Once again, note that as soon as we get data from our stream, we manipulate and write it out to another stream (the HTTP response, in this case). This keeps us from holding a lot of data in memory unnecessarily.

Now if we fire up the server, we can use curl to see it in action:

$ curl 'http://localhost:5000'
Date,United States
2012-11-04,2492
2012-11-11,2913
2012-11-18,3040
2012-11-25,3641
2012-12-02,4427
[and so on]

$ curl 'http://localhost:5000?region=United%20States&region=Pennsylvania'
Date,United States,Pennsylvania
2012-11-04,2492,2579
2012-11-11,2913,2889
2012-11-18,3040,2785
2012-11-25,3641,3248
2012-12-02,4427,3679
[and so on]

As long the server is running someplace that is accessible to the public, we can head on over to Dash and plug it into a Custom Chart widget, giving us something like this:
Hey, looks like December and January are big months for the flu in the U.S. Who knew?

Want to try this yourself? The full source for this app is on GitHub, along with step-by-step instructions for running the project and creating a widget in Dash. Enjoy!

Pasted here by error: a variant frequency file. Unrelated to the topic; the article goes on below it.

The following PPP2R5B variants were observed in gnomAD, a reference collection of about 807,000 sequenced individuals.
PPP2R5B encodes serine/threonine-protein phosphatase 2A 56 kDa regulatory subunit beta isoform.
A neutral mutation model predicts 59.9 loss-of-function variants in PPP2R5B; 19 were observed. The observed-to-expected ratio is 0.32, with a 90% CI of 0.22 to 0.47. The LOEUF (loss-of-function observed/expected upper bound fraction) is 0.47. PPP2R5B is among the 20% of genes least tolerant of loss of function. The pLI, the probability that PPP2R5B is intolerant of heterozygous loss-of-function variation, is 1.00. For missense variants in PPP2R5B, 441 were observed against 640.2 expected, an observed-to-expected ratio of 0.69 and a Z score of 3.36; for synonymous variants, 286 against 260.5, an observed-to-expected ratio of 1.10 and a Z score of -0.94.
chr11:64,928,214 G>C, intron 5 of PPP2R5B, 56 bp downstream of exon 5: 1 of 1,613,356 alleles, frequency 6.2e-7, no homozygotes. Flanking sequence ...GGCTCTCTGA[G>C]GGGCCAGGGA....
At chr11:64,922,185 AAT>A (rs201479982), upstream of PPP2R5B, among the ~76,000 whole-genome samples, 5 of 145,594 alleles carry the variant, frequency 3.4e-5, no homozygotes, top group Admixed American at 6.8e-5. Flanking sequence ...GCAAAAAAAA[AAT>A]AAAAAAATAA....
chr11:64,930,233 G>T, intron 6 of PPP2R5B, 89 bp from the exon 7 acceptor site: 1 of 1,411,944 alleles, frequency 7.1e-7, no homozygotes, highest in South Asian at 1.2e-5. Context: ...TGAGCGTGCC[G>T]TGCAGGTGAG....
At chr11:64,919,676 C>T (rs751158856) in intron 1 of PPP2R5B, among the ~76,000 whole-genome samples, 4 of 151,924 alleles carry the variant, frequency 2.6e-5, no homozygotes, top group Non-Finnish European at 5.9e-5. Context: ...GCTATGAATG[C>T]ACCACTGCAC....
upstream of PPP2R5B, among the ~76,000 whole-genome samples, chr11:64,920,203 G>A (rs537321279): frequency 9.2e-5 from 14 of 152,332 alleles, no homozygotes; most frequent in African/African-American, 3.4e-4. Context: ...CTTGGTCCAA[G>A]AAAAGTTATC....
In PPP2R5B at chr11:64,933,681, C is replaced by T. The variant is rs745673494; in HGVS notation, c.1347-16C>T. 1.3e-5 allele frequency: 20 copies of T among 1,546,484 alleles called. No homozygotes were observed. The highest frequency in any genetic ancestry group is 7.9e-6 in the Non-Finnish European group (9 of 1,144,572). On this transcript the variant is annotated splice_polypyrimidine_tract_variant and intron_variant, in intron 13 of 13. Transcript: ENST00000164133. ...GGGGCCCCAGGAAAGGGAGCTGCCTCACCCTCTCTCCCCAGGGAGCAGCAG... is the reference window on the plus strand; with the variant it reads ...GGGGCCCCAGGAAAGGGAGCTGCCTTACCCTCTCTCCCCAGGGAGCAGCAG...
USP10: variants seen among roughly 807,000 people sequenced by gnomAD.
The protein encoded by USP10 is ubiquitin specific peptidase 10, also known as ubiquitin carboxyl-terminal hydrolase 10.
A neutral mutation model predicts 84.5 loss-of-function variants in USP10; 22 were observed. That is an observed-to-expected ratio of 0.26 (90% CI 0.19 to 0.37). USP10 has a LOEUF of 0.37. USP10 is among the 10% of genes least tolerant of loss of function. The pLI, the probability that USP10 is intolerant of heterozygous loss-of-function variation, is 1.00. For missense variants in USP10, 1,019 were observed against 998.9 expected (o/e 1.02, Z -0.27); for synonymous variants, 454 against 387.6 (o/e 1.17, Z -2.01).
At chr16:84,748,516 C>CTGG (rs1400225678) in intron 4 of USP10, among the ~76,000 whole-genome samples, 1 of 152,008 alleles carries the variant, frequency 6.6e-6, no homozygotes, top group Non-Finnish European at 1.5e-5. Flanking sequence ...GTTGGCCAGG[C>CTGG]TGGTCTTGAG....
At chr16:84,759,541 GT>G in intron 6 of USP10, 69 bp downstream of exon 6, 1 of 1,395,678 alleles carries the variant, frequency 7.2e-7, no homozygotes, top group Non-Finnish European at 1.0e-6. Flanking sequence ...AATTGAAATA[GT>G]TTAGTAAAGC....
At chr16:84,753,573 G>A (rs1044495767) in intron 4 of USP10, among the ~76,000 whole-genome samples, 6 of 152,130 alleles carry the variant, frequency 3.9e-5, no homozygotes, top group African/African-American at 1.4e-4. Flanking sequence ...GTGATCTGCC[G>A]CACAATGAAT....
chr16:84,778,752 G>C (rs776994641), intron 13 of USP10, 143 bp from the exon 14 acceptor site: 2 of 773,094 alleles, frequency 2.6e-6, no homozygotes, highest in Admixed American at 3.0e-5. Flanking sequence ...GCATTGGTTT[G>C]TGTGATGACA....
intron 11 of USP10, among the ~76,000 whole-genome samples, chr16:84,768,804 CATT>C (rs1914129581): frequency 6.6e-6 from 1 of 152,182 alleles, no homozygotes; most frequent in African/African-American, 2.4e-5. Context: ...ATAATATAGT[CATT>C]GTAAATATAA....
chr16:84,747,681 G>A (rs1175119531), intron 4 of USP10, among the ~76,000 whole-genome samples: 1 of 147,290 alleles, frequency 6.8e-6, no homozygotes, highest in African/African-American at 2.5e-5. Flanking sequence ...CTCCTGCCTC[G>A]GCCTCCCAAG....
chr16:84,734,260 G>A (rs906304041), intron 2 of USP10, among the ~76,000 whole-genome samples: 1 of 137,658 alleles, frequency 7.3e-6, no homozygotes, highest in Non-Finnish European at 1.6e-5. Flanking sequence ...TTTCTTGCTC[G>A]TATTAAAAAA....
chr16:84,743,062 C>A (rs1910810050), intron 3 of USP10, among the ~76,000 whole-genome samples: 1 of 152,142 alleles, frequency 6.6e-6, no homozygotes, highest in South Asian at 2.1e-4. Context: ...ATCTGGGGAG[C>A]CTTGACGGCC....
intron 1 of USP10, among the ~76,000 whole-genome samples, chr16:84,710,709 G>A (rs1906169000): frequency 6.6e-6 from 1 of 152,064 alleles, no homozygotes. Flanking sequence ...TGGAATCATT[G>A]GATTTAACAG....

Wednesday, October 16, 2013

Cut the HealthCare.gov people some slack

On October 1, 2013, HealthCare.gov was opened to the nation. As one of the more tangible aspects of the Affordable Care Act (aka ACA, Obamacare), the glitches it has experienced are getting lots of negative attention. It's been described as an "inexcusable mess" and a "disaster". I'm not going to discuss the merits of the ACA here. But as someone who spends every day building software, I think the criticisms of the HealthCare.gov application have been unfair. Here are a few reasons why we should cut them some slack.

Most webapps aren't immediately released to millions of users

When Google or Facebook are releasing a new app, do you think they just flip a switch and release it to the world? Absolutely not! They slowly release it to beta testers, or add the feature to a subset of users. They encounter bugs, fix them, slowly scale up their infrastructure, and wait until they've seen it succeed before opening it up to the general public.

HealthCare.gov, on the other hand, launched to the entire nation at once. It didn't just have to deal with traffic from thousands (hundreds of thousands? millions?) of people looking for health plans for themselves; I'm sure a lot of curious people (like myself) went there just to check it out. There was no chance to work out the bugs, and no chance to gradually scale the infrastructure. This was almost guaranteed to be a problem.